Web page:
Home' Trinidad and Tobago Guardian : July 5th 2014 Contents A24
Guardian www.guardian.co.tt Saturday, July 5, 2014
LAGOS---Nigerian soldiers blocked roads, fired
shots into the air and burned several buses in
Lagos yesterday after a soldier was killed in a
bus accident, an episode residents said recalled
the country s former military dictatorship.
Nigeria has been a democracy since shortly
after the death of military ruler Sani Abacha
1998, but rights groups say abuses and indis-
cipline by its troops remain a problem, especially
in the remote northeast, where an Islamist insur-
gency threatens stability across Africa s largest
economy and top oil producer.
"The rampaging soldiers already burnt
five...buses," Femi Oke-Osanyitolu, director gen-
eral of the Lagos State Emergency Management
Agency, told Reuters by telephone, calling it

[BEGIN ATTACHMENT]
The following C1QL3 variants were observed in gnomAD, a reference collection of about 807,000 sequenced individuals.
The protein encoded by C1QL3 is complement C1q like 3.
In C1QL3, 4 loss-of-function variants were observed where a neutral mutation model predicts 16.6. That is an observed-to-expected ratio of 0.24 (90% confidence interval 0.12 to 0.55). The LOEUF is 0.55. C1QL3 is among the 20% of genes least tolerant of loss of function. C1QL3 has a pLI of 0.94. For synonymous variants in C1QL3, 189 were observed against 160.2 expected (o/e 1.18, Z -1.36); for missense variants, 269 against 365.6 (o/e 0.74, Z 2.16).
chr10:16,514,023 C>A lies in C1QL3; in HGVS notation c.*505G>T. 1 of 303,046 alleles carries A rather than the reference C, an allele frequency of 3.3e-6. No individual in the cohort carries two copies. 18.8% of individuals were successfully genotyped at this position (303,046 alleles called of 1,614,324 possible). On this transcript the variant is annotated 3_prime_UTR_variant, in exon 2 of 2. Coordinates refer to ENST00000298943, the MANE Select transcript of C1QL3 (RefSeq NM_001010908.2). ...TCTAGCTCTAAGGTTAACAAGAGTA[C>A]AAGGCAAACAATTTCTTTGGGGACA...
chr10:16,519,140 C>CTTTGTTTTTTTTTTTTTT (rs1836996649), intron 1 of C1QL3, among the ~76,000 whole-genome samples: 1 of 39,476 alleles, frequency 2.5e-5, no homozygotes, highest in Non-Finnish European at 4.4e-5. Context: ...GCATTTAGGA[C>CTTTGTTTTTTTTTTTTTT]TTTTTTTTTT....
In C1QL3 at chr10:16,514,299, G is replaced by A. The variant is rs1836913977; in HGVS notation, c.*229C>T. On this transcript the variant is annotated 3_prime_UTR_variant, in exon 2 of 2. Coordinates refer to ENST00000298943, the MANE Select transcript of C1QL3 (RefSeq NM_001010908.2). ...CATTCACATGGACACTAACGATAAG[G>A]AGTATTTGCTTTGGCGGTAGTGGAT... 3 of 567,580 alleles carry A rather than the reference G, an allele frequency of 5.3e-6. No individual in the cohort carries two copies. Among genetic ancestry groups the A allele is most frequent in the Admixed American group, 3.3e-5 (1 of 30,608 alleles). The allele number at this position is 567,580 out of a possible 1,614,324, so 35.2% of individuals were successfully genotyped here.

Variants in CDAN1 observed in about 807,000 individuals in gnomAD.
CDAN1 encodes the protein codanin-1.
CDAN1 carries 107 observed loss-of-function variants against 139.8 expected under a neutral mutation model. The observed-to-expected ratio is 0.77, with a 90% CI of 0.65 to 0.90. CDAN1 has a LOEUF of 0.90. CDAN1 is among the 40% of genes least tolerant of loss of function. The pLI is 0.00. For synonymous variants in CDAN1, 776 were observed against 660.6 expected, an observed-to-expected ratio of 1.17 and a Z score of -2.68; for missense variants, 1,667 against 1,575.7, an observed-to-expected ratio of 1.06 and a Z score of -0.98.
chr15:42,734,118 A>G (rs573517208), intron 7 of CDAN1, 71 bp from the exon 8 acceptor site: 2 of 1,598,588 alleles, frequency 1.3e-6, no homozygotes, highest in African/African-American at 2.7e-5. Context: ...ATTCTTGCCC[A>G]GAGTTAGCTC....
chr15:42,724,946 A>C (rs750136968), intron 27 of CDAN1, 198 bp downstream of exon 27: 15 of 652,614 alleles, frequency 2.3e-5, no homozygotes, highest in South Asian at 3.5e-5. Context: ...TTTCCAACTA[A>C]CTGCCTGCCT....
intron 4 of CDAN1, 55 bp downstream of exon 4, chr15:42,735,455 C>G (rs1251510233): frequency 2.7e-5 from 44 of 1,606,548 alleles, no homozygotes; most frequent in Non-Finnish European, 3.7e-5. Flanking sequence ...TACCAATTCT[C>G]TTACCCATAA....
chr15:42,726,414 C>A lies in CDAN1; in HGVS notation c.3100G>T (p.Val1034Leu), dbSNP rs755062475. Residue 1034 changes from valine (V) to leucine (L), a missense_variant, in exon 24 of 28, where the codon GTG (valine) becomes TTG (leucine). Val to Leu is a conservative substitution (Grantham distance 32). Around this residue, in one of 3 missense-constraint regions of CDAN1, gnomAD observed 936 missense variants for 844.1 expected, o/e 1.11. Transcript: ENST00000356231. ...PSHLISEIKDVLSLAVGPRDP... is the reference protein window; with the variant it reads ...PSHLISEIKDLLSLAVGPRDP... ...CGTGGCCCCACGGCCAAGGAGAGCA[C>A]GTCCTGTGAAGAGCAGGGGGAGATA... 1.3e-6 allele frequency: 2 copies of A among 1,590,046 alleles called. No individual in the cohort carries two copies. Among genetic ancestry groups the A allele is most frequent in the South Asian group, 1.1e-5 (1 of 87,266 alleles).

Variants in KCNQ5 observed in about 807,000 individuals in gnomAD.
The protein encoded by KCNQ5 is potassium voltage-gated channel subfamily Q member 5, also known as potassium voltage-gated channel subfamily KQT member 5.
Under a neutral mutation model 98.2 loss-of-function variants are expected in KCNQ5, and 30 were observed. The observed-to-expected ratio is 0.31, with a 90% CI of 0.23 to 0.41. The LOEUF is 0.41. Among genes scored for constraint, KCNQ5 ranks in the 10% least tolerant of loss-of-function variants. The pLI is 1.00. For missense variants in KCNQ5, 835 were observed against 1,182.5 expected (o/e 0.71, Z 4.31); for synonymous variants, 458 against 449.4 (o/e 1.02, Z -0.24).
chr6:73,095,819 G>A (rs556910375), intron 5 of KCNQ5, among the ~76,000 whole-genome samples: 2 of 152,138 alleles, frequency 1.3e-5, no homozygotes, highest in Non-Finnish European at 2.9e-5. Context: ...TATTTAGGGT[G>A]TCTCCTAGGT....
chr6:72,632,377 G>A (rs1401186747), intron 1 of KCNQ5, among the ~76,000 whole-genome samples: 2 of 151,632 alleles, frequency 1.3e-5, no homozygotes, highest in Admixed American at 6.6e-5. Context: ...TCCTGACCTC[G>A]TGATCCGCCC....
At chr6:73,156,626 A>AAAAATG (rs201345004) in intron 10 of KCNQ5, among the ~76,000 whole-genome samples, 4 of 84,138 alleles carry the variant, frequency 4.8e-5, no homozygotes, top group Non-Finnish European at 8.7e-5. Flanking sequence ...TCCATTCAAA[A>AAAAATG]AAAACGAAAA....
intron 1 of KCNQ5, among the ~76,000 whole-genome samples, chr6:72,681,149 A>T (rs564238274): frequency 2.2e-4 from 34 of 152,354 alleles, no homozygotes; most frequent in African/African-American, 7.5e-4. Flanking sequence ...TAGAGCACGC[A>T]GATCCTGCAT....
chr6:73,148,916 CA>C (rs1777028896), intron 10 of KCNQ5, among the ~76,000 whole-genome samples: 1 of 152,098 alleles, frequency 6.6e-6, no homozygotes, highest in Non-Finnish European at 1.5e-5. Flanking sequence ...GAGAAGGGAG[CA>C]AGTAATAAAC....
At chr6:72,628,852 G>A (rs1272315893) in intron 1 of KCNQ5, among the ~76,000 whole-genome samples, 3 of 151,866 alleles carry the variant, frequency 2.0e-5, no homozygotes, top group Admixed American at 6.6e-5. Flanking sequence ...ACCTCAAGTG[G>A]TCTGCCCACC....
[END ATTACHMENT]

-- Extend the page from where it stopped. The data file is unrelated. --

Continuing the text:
"barbaric and uncivilised."
There were no deaths or injuries in the inci-
dent, he said.
The soldiers, he said, were reacting to the
killing of one of their number who was hit by
a bus while riding a motorcycle. Nigerian bus
drivers have a reputation for reckless driving,
although it was not clear whose fault the accident
"The governor of the state is currently talking
with the superior officers of the army to restore
order within the area," around Ikorodu Road,
on the sprawling Lagos mainland, Oke-Osany-
Disturbances continued for several hours from
the morning into the afternoon.
"They were armed to the teeth, we are all
afraid, everybody was afraid of stray bullets
because the soldiers were shooting sporadically
(in the air) to scare away people," Bunmi Ajayi,
a publisher of children books who had to shut